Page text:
Specify Plot Colors
MATLAB® creates plots using a default set of colors. The default colors provide a
clean and consistent look across the different plots you create. You can customize the
colors if you need to. Many plotting functions have an input argument such as
colorspec for customizing the color. The
objects returned by these functions typically have properties for controlling the color.
The names of the arguments and properties can vary, but the values they accept typically
follow a common pattern. Once you are familiar with the pattern, you can use it to
modify a wide variety of plots.
The following examples use the
scatter functions to demonstrate the overall approach for
customizing colors. For a complete list of valid color values for a specific plotting
function, refer to the documentation for that function.
Types of Color Values
There are these types of color values:
Color Name or Short Name — Specify the name of a color such as
"green". Short names specify a letter from a color name, such as
RGB Triplet — Create a custom color by specifying a three-element row vector whose elements are the intensities of the red, green, and blue components of a color. The intensities must be in the range
[0,1]. For example, you can specify a shade of pink as
[1 0.5 0.8].
Some function arguments that control color do not accept RGB triplets, but object properties that control color typically do.
Hexadecimal Color Code (Since R2019a) — Create a custom color by specifying a string or a character vector that starts with a hash symbol (
#) followed by three or six hexadecimal digits, which can range from
F. The values are not case sensitive. Thus, the color codes
"#f80"all specify the same shade of orange.
Some function arguments that control color do not accept hexadecimal color codes, but you can specify a hexadecimal color code using a name-value argument that corresponds to an object property. For example,
scatter(x,y,sz,"MarkerFaceColor","#FF8800")sets the marker color in a scatter plot to orange.
This table lists all of the valid color names and short names with the corresponding RGB triplets and hexadecimal color codes.
|Color Name||Short Name||RGB Triplet||Hexadecimal Color Code||Appearance|
Here are the RGB triplets and hexadecimal color codes for the default colors MATLAB uses in many types of plots. These colors do not have names associated with them.
|RGB Triplet||Hexadecimal Color Code||Appearance|
Specify Color of a Bar Chart
Create a red bar chart by calling the
bar function and specifying the optional
color argument as "
red". Return the bar object as
b, so you can customize other aspects of the chart later.
b = bar(1:10,"red");
Now, change the bar fill color and outline color to light blue by setting the
EdgeColor properties to the hexadecimal color code,"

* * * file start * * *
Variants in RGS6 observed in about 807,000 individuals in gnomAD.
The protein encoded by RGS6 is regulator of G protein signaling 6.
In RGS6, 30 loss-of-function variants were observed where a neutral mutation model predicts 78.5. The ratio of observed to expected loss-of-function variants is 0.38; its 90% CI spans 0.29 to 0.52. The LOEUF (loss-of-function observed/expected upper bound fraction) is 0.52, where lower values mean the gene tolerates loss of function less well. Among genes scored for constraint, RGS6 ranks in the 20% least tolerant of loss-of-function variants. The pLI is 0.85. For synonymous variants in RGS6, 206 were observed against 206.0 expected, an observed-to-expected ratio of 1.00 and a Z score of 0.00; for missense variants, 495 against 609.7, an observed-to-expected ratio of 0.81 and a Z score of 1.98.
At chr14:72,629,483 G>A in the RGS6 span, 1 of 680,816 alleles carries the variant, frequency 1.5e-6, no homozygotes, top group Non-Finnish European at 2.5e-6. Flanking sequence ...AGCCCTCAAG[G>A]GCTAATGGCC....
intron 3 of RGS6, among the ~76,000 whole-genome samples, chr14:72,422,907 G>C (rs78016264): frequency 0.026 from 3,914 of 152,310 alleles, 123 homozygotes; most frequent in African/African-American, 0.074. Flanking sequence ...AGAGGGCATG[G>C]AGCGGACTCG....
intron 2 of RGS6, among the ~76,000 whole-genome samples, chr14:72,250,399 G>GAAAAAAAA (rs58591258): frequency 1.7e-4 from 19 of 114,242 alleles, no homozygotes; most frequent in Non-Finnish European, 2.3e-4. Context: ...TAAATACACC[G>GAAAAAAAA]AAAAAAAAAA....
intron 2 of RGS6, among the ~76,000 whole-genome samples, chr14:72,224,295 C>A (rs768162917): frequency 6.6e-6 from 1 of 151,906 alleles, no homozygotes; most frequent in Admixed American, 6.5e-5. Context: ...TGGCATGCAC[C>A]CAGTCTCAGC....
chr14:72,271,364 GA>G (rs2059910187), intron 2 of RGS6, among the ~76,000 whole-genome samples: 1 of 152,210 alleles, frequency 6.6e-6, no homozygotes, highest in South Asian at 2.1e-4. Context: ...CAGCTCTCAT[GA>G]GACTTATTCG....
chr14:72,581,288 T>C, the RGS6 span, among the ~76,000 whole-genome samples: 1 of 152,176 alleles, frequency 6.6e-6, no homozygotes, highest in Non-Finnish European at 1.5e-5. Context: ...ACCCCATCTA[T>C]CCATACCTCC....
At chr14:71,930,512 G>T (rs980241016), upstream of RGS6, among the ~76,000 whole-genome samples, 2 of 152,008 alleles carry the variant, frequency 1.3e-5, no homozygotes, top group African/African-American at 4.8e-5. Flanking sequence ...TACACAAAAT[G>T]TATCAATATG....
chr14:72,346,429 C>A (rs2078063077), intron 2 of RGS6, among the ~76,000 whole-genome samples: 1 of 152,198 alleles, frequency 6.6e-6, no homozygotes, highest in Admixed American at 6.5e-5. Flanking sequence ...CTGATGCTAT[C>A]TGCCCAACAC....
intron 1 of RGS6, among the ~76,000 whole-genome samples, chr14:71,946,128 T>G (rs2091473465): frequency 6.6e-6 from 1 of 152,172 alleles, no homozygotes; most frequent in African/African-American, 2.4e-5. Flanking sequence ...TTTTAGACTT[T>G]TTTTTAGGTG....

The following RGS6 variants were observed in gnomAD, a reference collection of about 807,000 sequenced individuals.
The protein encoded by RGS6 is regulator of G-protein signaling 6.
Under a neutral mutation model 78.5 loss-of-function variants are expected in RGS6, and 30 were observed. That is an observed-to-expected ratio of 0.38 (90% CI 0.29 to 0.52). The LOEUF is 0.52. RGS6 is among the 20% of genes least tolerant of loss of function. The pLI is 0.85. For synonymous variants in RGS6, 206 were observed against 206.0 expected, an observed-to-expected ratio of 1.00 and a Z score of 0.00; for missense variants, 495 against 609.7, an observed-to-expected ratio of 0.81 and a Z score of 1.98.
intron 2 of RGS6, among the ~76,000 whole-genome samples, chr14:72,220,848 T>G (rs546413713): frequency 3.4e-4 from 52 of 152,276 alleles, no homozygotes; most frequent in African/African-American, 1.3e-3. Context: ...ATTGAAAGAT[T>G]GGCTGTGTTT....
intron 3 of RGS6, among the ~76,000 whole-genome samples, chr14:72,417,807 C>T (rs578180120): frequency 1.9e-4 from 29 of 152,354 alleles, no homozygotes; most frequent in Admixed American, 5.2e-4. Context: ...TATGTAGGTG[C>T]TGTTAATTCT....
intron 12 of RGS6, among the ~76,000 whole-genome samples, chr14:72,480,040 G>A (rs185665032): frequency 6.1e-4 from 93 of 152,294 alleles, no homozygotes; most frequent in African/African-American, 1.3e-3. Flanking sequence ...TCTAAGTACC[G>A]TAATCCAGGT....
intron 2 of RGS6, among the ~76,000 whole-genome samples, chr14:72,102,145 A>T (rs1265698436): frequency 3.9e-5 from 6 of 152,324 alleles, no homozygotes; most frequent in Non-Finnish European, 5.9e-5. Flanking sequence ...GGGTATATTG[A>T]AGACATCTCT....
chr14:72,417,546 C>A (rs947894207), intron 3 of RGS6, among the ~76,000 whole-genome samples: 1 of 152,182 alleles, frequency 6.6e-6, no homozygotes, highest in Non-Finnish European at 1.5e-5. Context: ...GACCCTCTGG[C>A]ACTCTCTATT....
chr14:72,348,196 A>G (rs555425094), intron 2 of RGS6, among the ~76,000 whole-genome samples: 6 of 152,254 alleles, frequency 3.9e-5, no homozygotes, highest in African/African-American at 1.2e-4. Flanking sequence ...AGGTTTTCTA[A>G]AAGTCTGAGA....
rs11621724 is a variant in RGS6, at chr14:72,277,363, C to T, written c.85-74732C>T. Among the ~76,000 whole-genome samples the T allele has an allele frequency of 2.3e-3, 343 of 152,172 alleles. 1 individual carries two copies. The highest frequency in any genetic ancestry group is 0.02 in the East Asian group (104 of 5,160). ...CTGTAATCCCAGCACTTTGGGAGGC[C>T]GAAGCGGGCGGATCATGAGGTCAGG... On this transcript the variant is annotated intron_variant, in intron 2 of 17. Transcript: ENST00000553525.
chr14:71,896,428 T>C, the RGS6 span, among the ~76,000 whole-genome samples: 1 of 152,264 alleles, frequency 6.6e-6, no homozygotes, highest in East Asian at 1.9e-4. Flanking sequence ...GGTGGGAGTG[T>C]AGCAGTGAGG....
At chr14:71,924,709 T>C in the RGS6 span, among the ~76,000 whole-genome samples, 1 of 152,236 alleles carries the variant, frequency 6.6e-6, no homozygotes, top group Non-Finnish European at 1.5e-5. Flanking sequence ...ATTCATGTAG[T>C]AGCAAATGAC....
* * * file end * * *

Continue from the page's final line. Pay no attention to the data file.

Before R2019a, specify an RGB triplet instead of a hexadecimal color code. For example,
b.FaceColor = [0.5 0.7 1].
b.FaceColor = "#80B3FF"; b.EdgeColor = "#80B3FF";
Specify Marker Colors in a Scatter Plot
Create a scatter plot of random numbers. Specify the marker size as
75 points, and use name-value arguments to specify the marker outline and fill colors. The
MarkerEdgeColor property controls the outline color, and the
MarkerFaceColor controls the fill color.
x = rand(1,100); y = rand(1,100); scatter(x,y,75,"MarkerEdgeColor","b", ... "MarkerFaceColor",[0 0.7 0.7])
Specify Colors in a Series of Plots
There are two ways to create a series of plots:
Call a plotting function multiple times and use the
holdfunction to retain the contents of the axes.
Pass a matrix containing multiple data series to the plotting function. The
plotfunction has always accepted matrix inputs, and many other plotting functions also support matrix inputs.
To specify colors with either approach, call the desired plotting function with an output argument so you can access the individual plot objects. Then set properties on the plot object you want to change.
For example, create a scatter plot with 100-point filled markers. Call the
scatter function with an output argument
s1. Call the
hold function to retain the contents of the axes, and then call the
scatter function two more times with output arguments
s3. The variables
figure x = 1:5; s1 = scatter(x,[6 3 9 10 7],100,"filled"); hold on s2 = scatter(x,[16 13 19 20 17],100,"filled"); s3 = scatter(x,[26 23 29 33 27],100,"filled"); hold off
Change the color of the second
Scatter object to a shade of purple.
s2.MarkerFaceColor = [0.7 0 1];
scatter function also supports matrix inputs (since R2021a), so you can create the same plot by passing a matrix and returning a vector of objects.
figure x = 1:5; y = [6 3 9 10 7; 16 13 19 20 17; 26 23 29 33 27]; s = scatter(x,y,100,"filled");
To change the color of the second data series in this case, access the second
Scatter object by indexing into
s(2).MarkerFaceColor = [0.7 0 1];